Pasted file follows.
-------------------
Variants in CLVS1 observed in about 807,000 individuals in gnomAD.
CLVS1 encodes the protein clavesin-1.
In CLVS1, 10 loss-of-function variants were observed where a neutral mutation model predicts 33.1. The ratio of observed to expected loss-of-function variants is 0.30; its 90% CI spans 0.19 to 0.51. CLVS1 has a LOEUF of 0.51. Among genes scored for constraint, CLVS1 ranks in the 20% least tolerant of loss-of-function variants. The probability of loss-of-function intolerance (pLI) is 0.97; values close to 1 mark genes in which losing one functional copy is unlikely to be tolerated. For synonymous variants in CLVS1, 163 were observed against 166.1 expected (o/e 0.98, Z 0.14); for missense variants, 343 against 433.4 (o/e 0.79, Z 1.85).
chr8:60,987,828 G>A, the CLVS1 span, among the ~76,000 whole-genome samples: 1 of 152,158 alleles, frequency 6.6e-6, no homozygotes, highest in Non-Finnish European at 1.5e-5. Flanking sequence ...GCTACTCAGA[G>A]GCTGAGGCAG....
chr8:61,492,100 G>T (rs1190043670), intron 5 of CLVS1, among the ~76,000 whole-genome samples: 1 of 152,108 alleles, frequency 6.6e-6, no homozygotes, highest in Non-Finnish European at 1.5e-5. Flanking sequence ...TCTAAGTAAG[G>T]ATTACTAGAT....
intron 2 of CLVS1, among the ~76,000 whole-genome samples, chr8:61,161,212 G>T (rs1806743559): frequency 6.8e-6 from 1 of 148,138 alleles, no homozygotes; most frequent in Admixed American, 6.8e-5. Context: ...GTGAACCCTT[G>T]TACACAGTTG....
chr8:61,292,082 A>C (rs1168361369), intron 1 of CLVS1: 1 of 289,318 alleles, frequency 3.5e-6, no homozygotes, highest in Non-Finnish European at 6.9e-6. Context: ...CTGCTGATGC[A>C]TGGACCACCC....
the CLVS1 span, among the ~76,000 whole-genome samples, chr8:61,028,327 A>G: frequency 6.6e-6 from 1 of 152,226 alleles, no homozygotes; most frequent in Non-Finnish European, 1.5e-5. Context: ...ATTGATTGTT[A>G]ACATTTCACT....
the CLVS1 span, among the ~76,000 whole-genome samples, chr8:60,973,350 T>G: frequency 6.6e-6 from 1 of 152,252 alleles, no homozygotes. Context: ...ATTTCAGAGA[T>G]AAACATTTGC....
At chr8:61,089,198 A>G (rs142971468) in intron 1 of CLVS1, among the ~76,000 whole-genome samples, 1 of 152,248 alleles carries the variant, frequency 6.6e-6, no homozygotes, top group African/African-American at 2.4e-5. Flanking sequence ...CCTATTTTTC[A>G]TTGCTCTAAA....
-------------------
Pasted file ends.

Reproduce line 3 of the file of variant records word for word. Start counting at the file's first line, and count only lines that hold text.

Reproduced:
In CLVS1, 10 loss-of-function variants were observed where a neutral mutation model predicts 33.1. The ratio of observed to expected loss-of-function variants is 0.30; its 90% CI spans 0.19 to 0.51. CLVS1 has a LOEUF of 0.51. Among genes scored for constraint, CLVS1 ranks in the 20% least tolerant of loss-of-function variants. The probability of loss-of-function intolerance (pLI) is 0.97; values close to 1 mark genes in which losing one functional copy is unlikely to be tolerated. For synonymous variants in CLVS1, 163 were observed against 166.1 expected (o/e 0.98, Z 0.14); for missense variants, 343 against 433.4 (o/e 0.79, Z 1.85).